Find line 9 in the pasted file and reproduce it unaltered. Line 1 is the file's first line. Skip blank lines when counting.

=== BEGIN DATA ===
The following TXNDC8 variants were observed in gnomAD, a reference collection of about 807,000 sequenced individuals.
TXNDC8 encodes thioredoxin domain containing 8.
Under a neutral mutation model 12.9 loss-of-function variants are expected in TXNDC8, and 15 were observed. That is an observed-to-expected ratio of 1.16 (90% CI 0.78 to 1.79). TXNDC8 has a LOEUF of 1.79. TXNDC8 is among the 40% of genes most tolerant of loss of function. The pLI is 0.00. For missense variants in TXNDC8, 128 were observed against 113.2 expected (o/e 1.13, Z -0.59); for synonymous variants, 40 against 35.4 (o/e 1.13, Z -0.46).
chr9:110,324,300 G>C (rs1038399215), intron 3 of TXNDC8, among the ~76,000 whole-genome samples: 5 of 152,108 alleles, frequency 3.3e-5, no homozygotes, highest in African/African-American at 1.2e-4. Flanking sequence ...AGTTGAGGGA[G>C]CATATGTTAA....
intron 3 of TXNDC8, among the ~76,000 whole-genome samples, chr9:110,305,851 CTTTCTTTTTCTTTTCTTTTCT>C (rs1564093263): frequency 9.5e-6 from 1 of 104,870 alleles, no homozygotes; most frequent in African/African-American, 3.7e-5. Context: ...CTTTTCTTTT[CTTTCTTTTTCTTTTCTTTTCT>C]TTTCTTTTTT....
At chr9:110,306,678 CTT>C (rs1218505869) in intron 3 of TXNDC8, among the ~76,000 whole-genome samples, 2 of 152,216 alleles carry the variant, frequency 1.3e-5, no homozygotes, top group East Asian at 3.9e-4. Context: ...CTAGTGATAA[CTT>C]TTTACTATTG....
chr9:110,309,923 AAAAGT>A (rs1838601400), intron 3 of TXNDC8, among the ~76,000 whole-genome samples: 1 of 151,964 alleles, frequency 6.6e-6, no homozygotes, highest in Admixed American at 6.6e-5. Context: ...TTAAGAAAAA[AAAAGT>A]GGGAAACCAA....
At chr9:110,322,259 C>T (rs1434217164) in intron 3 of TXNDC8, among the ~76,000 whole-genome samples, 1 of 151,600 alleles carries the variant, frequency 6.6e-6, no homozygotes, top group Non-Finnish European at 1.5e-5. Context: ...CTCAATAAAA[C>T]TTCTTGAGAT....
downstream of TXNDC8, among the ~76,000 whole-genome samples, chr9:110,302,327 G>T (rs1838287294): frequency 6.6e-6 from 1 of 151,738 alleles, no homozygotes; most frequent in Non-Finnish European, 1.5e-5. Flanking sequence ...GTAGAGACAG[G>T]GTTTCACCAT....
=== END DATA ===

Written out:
downstream of TXNDC8, among the ~76,000 whole-genome samples, chr9:110,302,327 G>T (rs1838287294): frequency 6.6e-6 from 1 of 151,738 alleles, no homozygotes; most frequent in Non-Finnish European, 1.5e-5. Flanking sequence ...GTAGAGACAG[G>T]GTTTCACCAT....